Todd: Right. So the front end is yours to manage and even brand as well. And the back end is kind of irrelevant as long as the data's safe and backed up, it allows you a bit more flexibility to work with your own stack without that really affecting the day to day operations of the backup for the, for the client, right?

Doug: Yes, exactly.

Todd: And the system does image based backup as well as file based backup. Is there a distinction in the product or is that just a part of the, configuration?

Doug: It's, it's really just a part of the configuration. So whether you want to do image or file, um, is kind of up to you and what your customer's needs are. Um, you know, the Nice thing about image is it gives you quick recovery of the complete, you know, server or workstation, but you know, a lot of times if you're on limited bandwidth, file level backup, you know, you're, you're protecting the data that might be just good enough for, for what that customer needs because sometimes image level can take a while to upload to the cloud versus file level, which is usually pretty quick.

Todd: Right. And do you find people who have a different strategy for the server infrastructure versus managing maybe backup for an endpoint and can you mix and match that as well?

Doug: Oh definitely. So what we see a lot is, especially for critical servers as the image level backup, just because recovery can be so much quicker. And then for desktops, a lot of times it's just kind of file level backup or backup, the profile directory, those types of things where the, where the data is. And then the other thing from a recovery perspective is, you know, we talk a lot about the cloud and backup to the cloud, but you can also backup locally. So, you know, when I talk about that image level backup and recovery, maybe you do image level backup locally, but then file level backup to the cloud. So it's completely configurable in terms of however you want to do that. Again, based on needs, budget, bandwidth, all those types of things.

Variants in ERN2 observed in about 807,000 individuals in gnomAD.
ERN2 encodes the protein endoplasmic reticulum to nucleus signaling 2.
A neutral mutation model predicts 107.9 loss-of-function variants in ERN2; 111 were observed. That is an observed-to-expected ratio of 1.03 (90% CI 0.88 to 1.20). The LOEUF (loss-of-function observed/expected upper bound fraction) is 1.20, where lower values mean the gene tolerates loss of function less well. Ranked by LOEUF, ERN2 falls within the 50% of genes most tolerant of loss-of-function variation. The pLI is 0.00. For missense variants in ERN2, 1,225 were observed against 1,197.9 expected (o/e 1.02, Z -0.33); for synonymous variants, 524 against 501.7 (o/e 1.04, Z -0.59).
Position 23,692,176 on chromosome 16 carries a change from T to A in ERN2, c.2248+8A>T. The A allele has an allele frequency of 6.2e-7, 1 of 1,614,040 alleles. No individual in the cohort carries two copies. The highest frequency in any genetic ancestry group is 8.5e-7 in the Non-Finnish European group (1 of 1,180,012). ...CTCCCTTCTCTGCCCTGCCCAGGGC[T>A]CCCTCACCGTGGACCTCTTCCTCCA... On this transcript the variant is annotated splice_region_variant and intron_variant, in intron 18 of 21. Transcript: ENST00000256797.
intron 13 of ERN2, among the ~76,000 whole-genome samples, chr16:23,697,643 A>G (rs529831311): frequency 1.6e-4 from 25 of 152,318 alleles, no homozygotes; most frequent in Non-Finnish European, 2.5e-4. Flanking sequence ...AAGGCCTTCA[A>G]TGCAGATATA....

Todd: And the, I see a trend in the industry with kind of the alignment of some of the other vendors around a single stack. You guys are off obviously feature based in the fact that you are a kind of roll your own and design your own backup strategy as is. You're either cloudberry sense of this or your own personal situation or a feeling on having an appliance or not having an appliance given your history of veeam. I think there might be, uh, maybe some, uh, some influence in that. But I'd love your thoughts on appliance or no appliance. And what does that matter?

Doug: So it goes back to what I said about vendor lock in. You know, as soon as you have an appliance, you're locked into that vendor and to that appliance. And if you want to change, then how do you get that data that's on that appliance or in that proprietary cloud out and into the new system that you want to use. But actually if you've got regulations where you need to keep backups and those types of things, it kind of goes back to that whole vendor lock in. So those are. Those are kinds of things you want to be kind of concerned about. The other is [inaudible]. Not all companies are this way, but a lot of times is the upfront cost with the appliance because you're getting hardware now, some offer rental models and those types of things. But in an office of 10 people, do you really need a $20,000 sitting in their office to kind of handle the backup needs? Or is it fine just to have the backup locally installed on, on the pcs and servers and sending it to the cloud and to a NAS that you have local that you only spent a couple hundred bucks a month.